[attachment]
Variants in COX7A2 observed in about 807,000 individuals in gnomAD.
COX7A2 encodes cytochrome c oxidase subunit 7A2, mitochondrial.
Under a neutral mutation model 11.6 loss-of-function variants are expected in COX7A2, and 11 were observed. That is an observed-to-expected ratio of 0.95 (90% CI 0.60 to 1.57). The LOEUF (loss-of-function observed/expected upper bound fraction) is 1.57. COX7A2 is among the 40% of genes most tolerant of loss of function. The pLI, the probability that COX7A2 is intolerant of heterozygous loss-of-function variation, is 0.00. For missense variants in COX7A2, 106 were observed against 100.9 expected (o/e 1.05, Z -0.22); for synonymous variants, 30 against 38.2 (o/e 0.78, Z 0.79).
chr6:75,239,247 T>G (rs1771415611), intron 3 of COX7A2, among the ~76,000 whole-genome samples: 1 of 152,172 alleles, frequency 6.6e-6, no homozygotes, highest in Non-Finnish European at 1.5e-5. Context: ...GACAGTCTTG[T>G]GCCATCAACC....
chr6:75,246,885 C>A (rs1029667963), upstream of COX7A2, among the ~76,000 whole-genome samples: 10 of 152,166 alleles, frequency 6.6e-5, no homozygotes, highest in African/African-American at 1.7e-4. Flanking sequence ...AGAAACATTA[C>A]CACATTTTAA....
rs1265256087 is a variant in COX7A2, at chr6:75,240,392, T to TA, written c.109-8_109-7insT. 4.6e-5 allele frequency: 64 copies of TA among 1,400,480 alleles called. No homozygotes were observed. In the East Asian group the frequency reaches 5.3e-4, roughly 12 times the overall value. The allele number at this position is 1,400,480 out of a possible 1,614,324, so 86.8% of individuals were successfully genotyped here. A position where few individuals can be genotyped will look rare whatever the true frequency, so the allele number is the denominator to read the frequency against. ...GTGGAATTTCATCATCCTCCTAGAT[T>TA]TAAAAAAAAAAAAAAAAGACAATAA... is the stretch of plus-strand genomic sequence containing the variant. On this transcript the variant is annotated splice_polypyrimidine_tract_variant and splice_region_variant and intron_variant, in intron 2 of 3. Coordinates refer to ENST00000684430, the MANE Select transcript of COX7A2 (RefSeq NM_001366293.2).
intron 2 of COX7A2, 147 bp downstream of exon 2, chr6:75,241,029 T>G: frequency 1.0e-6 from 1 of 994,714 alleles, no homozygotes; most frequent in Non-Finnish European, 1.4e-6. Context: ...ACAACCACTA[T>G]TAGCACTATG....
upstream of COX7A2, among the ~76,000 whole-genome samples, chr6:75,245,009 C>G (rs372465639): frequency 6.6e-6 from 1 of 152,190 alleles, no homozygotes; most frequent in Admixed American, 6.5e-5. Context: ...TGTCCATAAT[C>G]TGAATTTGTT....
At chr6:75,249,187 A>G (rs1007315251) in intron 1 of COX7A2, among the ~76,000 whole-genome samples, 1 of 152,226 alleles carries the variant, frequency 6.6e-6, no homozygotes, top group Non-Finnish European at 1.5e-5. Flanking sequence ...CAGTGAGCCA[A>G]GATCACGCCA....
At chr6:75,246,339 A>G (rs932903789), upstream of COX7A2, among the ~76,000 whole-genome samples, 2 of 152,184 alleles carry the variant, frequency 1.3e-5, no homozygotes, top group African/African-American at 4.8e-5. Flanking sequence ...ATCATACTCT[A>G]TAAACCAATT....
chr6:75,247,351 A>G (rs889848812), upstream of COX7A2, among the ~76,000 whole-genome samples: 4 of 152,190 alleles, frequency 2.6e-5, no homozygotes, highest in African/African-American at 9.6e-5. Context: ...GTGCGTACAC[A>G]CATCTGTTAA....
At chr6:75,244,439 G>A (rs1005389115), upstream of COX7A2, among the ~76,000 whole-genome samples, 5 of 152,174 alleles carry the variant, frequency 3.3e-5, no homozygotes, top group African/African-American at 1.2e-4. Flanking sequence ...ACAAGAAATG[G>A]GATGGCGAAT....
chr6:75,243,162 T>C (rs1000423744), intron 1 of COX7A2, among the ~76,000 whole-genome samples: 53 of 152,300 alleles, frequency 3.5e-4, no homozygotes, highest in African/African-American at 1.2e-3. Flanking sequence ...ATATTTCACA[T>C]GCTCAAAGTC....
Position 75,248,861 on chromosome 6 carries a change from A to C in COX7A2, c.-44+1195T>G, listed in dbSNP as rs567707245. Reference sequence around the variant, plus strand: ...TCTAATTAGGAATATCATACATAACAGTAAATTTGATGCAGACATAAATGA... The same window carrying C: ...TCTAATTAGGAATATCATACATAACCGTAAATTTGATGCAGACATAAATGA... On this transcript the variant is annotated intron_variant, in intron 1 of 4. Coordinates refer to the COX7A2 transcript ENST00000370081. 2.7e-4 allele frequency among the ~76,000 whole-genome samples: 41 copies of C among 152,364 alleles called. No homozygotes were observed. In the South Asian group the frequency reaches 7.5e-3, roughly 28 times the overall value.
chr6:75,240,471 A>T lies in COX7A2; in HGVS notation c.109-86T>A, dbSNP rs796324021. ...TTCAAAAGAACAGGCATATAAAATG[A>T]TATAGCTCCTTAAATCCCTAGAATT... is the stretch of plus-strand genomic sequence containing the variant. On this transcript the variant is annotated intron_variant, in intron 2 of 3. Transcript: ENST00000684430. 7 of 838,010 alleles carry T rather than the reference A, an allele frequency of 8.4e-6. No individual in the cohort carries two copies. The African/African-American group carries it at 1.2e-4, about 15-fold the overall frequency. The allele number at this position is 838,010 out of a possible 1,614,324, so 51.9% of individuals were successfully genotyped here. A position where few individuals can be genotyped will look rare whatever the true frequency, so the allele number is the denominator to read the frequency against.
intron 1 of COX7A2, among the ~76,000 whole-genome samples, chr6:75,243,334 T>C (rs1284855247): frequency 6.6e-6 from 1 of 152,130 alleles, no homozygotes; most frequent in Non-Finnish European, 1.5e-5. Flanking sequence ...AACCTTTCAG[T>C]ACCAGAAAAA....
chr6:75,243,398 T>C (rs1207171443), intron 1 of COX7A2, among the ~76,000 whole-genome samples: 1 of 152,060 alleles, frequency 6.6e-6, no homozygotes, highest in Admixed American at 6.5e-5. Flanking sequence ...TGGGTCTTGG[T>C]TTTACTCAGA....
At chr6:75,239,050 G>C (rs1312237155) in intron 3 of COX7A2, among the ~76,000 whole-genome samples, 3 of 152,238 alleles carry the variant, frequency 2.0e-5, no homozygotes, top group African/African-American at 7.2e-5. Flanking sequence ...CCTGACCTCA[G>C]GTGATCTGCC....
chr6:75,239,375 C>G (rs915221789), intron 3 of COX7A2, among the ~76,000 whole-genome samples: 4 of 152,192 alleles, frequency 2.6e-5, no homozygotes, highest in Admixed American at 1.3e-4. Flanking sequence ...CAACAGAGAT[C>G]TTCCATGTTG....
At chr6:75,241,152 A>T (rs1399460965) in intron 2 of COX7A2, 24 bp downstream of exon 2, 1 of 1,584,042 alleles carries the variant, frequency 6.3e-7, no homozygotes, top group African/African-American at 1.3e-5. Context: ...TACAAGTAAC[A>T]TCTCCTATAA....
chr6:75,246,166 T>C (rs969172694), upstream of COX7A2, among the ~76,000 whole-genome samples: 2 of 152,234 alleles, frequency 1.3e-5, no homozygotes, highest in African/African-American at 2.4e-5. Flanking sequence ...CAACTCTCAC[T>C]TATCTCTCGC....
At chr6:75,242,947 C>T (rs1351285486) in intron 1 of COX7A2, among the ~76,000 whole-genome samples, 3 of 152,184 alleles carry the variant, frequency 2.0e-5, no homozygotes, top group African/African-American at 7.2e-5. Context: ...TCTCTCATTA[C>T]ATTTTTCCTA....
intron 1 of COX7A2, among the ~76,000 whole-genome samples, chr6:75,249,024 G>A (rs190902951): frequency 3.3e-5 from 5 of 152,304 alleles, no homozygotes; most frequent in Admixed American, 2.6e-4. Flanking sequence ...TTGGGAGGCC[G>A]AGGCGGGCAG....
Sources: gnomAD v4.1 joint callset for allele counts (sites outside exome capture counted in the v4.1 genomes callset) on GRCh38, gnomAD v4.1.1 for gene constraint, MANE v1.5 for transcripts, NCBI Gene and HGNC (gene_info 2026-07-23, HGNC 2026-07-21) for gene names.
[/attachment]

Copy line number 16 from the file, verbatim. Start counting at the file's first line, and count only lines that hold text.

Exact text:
intron 1 of COX7A2, among the ~76,000 whole-genome samples, chr6:75,243,334 T>C (rs1284855247): frequency 6.6e-6 from 1 of 152,130 alleles, no homozygotes; most frequent in Non-Finnish European, 1.5e-5. Flanking sequence ...AACCTTTCAG[T>C]ACCAGAAAAA....